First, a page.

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When one's own work is not enough

Trying to understand Law Roach's farewell to styling

When one's own work is not enough Trying to understand Law Roach's farewell to styling

From celebrity stylist to celebrity the step is short - and Law Roach has taken it. After an Instagram post announcing his retirement from the styling world talking about «the politics, the lies, and false narratives» of which he was allegedly the victim, the world's number one stylist reappeared as a celebrity guest at the Boss fashion show in Miami last night, along with a cast that included Naomi Campbell, Pamela Anderson, Khaby Lame, and Precious Lee. Closely, Vogue published an interview in which Roach revealed all by explaining that the drama of his Instagram post was just drama and that, in essence, he had grown tired of « being in service and at service of other people» and that he doesn't want to be seen only as «someone who dresses all these amazing celebrities».

Roach went on to say: «I stepped back and looked at my life and realized I don’t have anything but that career. I don’t want that to be the legacy», stating that he wants to teach and help other stylists and creatives achieve the results he has achieved - essentially the equivalent of wanting to quit when one's ahead: «I’ve done everything I wanted to do in this career. I’ve received all the awards, the accolades, I’ve changed people’s lives… And I just feel like, I’ve had enough». In this case, it would be fair to say that for Roach, his own work as a celebrity stylist had become both enough and not enough - his interview reveals not so much a desire for narcissistic prominence as a desire for self-determination, moving from working by proxy (i.e., for celebrities who are then photographed) to be upstage and center.

The plans seem vague, but in the end they are not too vague: Roach remains editor for British Vogue under the very powerful wing of Edward Enninful, he has already announced plans to teach and there is no fashion school that would not want him behind a professorship, and he could probably, as some online users have already speculated, even take on creative or advisory roles for brands. In some ways it is easy to understand Roach's decision, that perhaps having reached the pinnacle of the industry (who has done better than he?) he has grown tired of being in the service of others, having to handle perhaps thankless tasks, minutiae of a job that no longer competes with his legendary status. There may, however, be objections from his fans, who will now find themselves deprived of the work that had given Roach that status in the first place.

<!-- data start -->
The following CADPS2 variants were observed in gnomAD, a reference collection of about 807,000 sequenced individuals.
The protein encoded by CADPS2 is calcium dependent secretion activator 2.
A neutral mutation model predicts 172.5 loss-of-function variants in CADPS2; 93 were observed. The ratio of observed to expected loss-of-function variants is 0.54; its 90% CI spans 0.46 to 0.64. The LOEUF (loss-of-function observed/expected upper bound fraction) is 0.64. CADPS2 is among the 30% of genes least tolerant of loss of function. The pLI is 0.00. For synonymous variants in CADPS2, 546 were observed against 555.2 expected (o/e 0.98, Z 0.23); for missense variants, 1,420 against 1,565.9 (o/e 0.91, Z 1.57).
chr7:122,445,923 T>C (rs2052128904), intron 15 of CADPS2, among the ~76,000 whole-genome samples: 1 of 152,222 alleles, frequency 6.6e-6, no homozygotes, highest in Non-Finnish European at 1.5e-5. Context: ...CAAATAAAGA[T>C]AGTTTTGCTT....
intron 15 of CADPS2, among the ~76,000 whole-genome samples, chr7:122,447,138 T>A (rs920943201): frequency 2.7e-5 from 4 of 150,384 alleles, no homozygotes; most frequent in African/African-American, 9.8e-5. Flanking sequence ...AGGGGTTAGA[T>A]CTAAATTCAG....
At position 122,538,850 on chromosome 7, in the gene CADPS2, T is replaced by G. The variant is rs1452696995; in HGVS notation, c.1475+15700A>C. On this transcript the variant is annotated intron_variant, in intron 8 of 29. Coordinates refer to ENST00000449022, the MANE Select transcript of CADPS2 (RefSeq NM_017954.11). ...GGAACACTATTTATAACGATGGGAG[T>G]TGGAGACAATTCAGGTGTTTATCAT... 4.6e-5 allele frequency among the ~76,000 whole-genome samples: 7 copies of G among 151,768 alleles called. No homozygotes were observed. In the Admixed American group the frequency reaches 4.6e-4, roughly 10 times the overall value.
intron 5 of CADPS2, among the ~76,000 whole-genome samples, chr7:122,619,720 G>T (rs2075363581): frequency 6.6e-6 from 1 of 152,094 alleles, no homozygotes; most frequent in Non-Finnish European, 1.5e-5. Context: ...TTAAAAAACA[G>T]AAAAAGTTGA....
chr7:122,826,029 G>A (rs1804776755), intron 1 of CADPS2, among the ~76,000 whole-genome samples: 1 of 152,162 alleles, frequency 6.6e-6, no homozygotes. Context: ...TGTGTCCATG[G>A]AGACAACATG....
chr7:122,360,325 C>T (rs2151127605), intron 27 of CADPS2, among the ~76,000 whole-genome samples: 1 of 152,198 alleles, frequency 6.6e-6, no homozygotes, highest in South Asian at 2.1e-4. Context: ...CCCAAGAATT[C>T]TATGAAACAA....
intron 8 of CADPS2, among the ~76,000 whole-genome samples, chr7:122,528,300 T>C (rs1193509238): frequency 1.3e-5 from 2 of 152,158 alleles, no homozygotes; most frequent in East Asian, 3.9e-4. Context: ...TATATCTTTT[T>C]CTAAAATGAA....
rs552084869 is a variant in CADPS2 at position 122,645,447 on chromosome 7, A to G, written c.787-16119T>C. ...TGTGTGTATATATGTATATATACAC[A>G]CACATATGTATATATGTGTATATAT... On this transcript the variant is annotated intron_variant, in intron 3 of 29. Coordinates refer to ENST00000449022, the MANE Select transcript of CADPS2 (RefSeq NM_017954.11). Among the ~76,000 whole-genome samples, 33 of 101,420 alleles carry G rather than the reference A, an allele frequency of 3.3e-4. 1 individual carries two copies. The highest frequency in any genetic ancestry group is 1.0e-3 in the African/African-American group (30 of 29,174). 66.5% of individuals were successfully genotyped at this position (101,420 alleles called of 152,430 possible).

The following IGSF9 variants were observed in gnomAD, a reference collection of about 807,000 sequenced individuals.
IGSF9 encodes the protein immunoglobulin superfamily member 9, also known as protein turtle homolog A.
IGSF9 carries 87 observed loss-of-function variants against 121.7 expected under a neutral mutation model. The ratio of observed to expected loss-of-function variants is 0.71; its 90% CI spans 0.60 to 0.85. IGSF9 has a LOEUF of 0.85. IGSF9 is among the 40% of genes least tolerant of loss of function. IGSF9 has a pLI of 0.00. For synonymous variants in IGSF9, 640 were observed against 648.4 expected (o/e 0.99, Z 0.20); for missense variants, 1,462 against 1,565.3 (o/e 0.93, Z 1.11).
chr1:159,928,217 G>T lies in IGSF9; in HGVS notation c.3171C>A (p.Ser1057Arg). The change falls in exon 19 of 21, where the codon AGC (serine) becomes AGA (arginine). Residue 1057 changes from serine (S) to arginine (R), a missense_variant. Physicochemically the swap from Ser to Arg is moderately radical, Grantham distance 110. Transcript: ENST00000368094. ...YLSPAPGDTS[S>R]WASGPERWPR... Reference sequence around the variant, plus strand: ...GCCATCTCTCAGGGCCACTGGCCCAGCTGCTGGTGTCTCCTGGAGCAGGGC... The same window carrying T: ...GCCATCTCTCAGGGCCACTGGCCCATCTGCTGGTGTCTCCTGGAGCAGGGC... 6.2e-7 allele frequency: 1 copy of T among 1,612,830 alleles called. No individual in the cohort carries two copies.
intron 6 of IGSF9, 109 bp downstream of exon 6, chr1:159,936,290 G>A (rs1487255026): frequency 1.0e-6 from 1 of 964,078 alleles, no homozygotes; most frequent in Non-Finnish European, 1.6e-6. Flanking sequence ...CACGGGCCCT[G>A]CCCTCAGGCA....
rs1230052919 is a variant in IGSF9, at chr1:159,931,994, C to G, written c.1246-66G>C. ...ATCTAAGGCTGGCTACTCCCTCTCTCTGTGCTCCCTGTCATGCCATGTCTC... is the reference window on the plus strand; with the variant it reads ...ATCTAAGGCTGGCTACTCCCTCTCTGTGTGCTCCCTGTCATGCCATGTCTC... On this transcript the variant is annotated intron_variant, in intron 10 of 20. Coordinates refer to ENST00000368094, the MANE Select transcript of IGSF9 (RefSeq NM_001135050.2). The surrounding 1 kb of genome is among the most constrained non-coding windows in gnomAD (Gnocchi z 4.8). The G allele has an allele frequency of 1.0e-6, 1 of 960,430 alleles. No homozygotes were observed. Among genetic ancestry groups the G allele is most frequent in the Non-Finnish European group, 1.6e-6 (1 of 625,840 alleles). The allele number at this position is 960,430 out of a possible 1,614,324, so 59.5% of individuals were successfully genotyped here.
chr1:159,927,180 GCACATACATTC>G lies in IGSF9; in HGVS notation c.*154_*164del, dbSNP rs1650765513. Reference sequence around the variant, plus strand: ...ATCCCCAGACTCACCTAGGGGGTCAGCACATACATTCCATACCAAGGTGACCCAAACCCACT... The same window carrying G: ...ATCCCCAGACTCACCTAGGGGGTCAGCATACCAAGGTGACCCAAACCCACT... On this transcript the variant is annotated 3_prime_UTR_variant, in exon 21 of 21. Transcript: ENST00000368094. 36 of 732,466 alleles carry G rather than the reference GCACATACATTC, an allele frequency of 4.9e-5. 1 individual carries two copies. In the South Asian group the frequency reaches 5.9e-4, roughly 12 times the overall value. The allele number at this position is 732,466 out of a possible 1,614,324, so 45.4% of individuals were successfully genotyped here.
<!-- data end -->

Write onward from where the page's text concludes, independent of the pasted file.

A case we might compare to Frank Ocean, who after Blonde essentially abandoned music to open clubs, make podcasts, and inaugurate his own fashion brand, becoming a cross-sector figure. Here the classic celebrity dilemma arises: on the one hand, the celebrity is a person who understandably does not want to be relegated to a certain corner or placed in a single box; on the other hand, however, some legendary statuses in fashion are the result of decades of specialized work and not of a career of only nine years, a very long but circumscribed period of time in the grand scheme of things. It is also true that in fashion it is normal for a stylist to do other things: Carine Roitfeld certainly did not stop at styling but cultivated and implemented many ambitions in fields adjacent to her own, and the same goes for Katie Grand.

@nssmagazine Celebrities’ stylist Law Roach has announced he’s retiring. Here are some of the most iconic looks created for Zendaya, Ariana Grande, Hunter Schafer, Bella Hadid & more. #stylist #styling #stylingtips #lawroach #lawroachlegendary #celebrities #zendaya #hunterschafer #arianagrande #bellahadid #metgala #redcarpet #outfits #fit flip a switch - #1 worth it. stan

And by that we mean to say that there will be regret in not seeing more of Roach's work since he was objectively among the best in his field and that, as his admirer, one cannot help but wish that this styling career had lasted five times what it did - but perhaps it is true that for the past decade the multi-decade professional legacies of iconic figures who practiced the same profession for a lifetime such as, say, André Leon-Talley have become perhaps out of date. Why should Law Roach limit himself? 

Clearly, Roach's right to self-determination must be recognized even if it remains fair to remember that now that his styling career is apparently over he will be able to enjoy the fruits of his great work until the time comes to cultivate new ones. In short, let us hope that Roach does not fall into the contemporary trend of celebrities living off their laurels, resting on the memory of past successes. We, who love his work, do not deserve it, nor does Roach himself or his legacy. In a dynamic age like ours, after all, even careers have become dynamic and multipurpose: actresses launch cosmetic lines, singers design clothes, influencers become editors, chefs make TV hosts and creative directors make product design. It's the new circle of life - as long as you keep up the good work.